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Three kinds of data types can be used as input or output by WSME.

Native types

The native types are a fixed set of standard Python types that different protocols map to their own basic types.

The native types are :

  • .. wsme:type:: bytes

    A pure-ASCII string (:pywsme.types.bytes which is :pystr in Python 2 and :pybytes in Python 3).

  • .. wsme:type:: text

    A unicode string (:pywsme.types.text which is :pyunicode in Python 2 and :pystr in Python 3).

  • .. wsme:type:: int

    An integer (:pyint)

  • .. wsme:type:: float

    A float (:pyfloat)

  • .. wsme:type:: bool

    A boolean (:pybool)

  • .. wsme:type:: Decimal

    A fixed-width decimal (:pydecimal.Decimal)

  • .. wsme:type:: date

    A date (

  • .. wsme:type:: datetime

    A date and time (:pydatetime.datetime)

  • .. wsme:type:: time

    A time (:pydatetime.time)

  • Arrays

    This is a special case. When stating a list datatype, always state its content type as the unique element of a list. Example:

    class SomeWebService(object):
        def getlist(self):
            return ['a', 'b', 'c']
  • Dictionaries

    Statically typed mappings are allowed. When exposing a dictionary datatype, you can specify the key and value types, with a restriction on the key value that must be a 'pod' type. Example:

    class SomeType(object):
        amap = {str: SomeOthertype}

There are other types that are supported out of the box. See the pre-defined-user-types.

User types

User types allow you to define new, almost-native types.

The idea is that you may have Python data that should be transported as base types by the different protocols, but needs conversion to/from these base types, or needs to validate data integrity.

To define a user type, you just have to inherit from wsme.types.UserType and instantiate your new class. This instance will be your new type and can be used as @wsme.expose or @wsme.validate parameters.

Note that protocols can choose to specifically handle a user type or a base class of user types. This is case with the two pre-defined user types, wsme.types.Enum and wsme.types.binary.

Pre-defined user types

WSME provides some pre-defined user types:

  • binary <wsme.types.binary> -- for transporting binary data as base64 strings.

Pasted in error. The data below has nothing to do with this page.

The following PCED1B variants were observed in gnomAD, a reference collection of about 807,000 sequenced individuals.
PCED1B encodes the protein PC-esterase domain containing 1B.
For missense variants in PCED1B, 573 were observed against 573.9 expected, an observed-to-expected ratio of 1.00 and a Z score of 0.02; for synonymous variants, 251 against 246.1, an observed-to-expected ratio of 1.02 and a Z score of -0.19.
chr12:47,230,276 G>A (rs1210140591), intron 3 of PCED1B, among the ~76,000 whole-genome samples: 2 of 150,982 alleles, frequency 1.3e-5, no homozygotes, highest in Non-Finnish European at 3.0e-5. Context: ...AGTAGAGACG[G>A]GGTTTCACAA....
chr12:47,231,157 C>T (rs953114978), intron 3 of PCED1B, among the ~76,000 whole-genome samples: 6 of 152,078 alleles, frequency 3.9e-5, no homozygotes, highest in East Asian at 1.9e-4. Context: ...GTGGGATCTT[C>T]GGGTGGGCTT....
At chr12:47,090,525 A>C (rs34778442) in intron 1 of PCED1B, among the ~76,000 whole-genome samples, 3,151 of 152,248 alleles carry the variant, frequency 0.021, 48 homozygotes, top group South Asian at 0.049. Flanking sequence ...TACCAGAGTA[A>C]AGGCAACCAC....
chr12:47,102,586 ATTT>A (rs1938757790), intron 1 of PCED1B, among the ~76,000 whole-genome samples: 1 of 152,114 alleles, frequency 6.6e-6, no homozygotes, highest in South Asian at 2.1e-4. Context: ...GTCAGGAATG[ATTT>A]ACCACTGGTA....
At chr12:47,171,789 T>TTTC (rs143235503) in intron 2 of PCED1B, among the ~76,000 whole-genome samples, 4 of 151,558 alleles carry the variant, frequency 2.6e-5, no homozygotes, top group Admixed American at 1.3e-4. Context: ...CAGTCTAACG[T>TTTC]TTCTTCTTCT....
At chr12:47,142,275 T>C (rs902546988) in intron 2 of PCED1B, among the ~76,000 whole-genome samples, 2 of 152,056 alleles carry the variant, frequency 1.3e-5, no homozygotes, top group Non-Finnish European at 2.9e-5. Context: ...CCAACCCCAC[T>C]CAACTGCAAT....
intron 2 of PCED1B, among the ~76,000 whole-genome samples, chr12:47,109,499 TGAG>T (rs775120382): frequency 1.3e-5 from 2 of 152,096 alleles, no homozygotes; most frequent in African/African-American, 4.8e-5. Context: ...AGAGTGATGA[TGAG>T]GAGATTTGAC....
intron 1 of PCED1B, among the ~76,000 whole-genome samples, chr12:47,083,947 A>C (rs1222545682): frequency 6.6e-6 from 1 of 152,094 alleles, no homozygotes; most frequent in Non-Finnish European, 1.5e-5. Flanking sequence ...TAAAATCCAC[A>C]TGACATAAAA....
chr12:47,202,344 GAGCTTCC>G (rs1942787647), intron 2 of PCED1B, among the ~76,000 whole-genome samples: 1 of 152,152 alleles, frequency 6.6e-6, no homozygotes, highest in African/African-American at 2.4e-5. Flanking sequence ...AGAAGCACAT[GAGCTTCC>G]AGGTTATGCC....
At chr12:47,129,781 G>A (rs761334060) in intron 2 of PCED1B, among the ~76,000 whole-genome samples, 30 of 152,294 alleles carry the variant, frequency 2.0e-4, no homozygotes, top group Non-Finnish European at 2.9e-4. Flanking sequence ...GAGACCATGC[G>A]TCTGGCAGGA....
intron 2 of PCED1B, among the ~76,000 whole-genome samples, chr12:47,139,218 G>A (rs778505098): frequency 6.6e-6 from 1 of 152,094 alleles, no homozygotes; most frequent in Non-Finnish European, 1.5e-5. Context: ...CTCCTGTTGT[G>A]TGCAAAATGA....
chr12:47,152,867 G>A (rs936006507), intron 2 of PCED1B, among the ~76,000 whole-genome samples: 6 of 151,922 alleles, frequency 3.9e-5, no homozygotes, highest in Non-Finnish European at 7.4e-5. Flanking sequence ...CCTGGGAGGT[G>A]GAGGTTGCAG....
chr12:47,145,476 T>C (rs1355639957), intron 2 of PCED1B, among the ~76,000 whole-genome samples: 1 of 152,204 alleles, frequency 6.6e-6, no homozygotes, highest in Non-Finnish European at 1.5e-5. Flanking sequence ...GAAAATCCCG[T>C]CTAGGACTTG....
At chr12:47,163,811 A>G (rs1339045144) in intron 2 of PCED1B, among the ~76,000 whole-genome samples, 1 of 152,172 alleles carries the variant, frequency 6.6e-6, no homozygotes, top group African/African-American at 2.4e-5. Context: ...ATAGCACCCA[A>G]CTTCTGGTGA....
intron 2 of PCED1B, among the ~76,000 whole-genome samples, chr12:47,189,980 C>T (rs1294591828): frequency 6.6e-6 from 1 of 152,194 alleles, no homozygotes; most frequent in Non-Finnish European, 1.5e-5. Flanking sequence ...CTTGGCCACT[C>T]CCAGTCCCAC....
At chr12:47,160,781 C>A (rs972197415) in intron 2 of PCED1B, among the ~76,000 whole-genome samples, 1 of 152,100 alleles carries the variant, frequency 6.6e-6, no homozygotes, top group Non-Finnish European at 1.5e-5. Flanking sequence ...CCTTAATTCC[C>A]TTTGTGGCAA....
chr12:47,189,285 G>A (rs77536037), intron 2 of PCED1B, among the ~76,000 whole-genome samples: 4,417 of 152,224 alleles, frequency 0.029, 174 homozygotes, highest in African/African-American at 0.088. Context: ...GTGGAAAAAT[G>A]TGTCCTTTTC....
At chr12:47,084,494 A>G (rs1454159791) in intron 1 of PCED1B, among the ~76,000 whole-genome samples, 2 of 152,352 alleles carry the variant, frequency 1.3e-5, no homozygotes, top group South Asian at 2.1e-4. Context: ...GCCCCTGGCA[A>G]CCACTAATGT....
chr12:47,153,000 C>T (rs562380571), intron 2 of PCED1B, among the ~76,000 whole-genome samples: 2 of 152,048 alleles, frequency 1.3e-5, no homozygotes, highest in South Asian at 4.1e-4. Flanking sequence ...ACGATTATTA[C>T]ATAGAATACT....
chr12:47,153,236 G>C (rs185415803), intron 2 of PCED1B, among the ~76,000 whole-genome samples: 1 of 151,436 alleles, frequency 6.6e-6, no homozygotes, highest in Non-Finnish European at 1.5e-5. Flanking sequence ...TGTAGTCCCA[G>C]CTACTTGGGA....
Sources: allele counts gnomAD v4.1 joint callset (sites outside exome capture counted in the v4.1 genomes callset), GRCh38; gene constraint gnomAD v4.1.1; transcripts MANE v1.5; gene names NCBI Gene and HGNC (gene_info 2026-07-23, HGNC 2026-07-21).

• Enum <wsme.types.Enum> -- enforce that the values belongs to a pre-defined list of values.

These types are good examples of how to define user types. Have a look at their source code!

Here is a little example that combines binary <wsme.types.binary> and Enum <wsme.types.Enum>:

ImageKind = Enum(str, 'jpeg', 'gif')

class Image(object):
    name = unicode
    kind = ImageKind
    data = binary


The wsme.types.BinaryType instance to use when you need to transfer base64 encoded data.



Complex types

Complex types are structured types. They are defined as simple Python classes and will be mapped to adequate structured types in the various protocols.

A base class for structured types is provided, wsme.types.Base, but is not mandatory. The only thing it adds is a default constructor.

The attributes that are set at the class level will be used by WSME to discover the structure. These attributes can be:

  • A datatype -- Any native, user or complex type.
  • A wsattr <wsme.wsattr> -- This allows you to add more information about the attribute, for example if it is mandatory.
  • A wsproperty <wsme.wsproperty> -- A special typed property. Works like standard property with additional properties like wsattr <wsme.wsattr>.

Attributes having a leading '_' in their name will be ignored, as well as the attributes that are not in the above list. This means the type can have methods, they will not get in the way.


Gender = wsme.types.Enum(str, 'male', 'female')
Title = wsme.types.Enum(str, 'M', 'Mrs')

class Person(wsme.types.Base):
    lastname = wsme.types.wsattr(unicode, mandatory=True)
    firstname = wsme.types.wsattr(unicode, mandatory=True)

    age = int
    gender = Gender
    title = Title

    hobbies = [unicode]


A few things you should know about complex types:

  • The class must have a default constructor --Since instances of the type will be created by the protocols when used as input types, they must be instantiable without any argument.

  • Complex types are registered automatically (and thus inspected) as soon a they are used in expose or validate, even if they are nested in another complex type.

    If for some reason you need to control when type is inspected, you can use wsme.types.register_type.

  • The datatype attributes will be replaced.

    When using the 'short' way of defining attributes, ie setting a simple data type, they will be replaced by a wsattr instance.

    So, when you write:

    class Person(object):
        name = unicode

    After type registration the class will actually be equivalent to:

    class Person(object):
        name = wsattr(unicode)

    You can still access the datatype by accessing the attribute on the class, along with the other wsattr properties:

    class Person(object):
        name = unicode
    assert is unicode
    assert == "name"
    assert is False
  • The default value of instance attributes is Unset <wsme.Unset>.

    class Person(object):
        name = wsattr(unicode)
    p = Person()
    assert is Unset

    This allows the protocol to make a clear distinction between null values that will be transmitted, and unset values that will not be transmitted.

    For input values, it allows the code to know if the values were, or were not, sent by the caller.

  • When 2 complex types refer to each other, their names can be used as datatypes to avoid adding attributes afterwards:

    class A(object):
        b = wsattr('B')
    class B(object):
        a = wsattr(A)

Predefined Types


  • wsme.types.File